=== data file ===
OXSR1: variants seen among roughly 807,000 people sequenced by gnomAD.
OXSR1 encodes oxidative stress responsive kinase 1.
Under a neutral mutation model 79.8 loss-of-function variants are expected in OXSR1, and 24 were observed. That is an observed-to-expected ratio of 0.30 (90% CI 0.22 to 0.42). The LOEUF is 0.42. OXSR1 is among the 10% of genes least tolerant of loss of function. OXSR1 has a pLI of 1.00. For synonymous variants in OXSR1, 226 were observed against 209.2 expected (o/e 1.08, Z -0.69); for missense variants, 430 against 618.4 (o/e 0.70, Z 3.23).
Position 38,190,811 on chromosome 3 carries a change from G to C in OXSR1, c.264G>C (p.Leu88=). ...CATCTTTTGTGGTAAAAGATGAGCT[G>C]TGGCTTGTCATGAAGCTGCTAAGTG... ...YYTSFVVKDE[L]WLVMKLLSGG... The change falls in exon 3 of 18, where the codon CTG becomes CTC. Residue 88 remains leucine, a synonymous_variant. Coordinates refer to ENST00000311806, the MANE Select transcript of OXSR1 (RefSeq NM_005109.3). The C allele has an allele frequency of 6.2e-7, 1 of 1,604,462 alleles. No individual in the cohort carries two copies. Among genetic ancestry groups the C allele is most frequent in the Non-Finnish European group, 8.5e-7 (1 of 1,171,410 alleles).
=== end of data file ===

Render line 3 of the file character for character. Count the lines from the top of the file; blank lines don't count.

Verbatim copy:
Under a neutral mutation model 79.8 loss-of-function variants are expected in OXSR1, and 24 were observed. That is an observed-to-expected ratio of 0.30 (90% CI 0.22 to 0.42). The LOEUF is 0.42. OXSR1 is among the 10% of genes least tolerant of loss of function. OXSR1 has a pLI of 1.00. For synonymous variants in OXSR1, 226 were observed against 209.2 expected (o/e 1.08, Z -0.69); for missense variants, 430 against 618.4 (o/e 0.70, Z 3.23).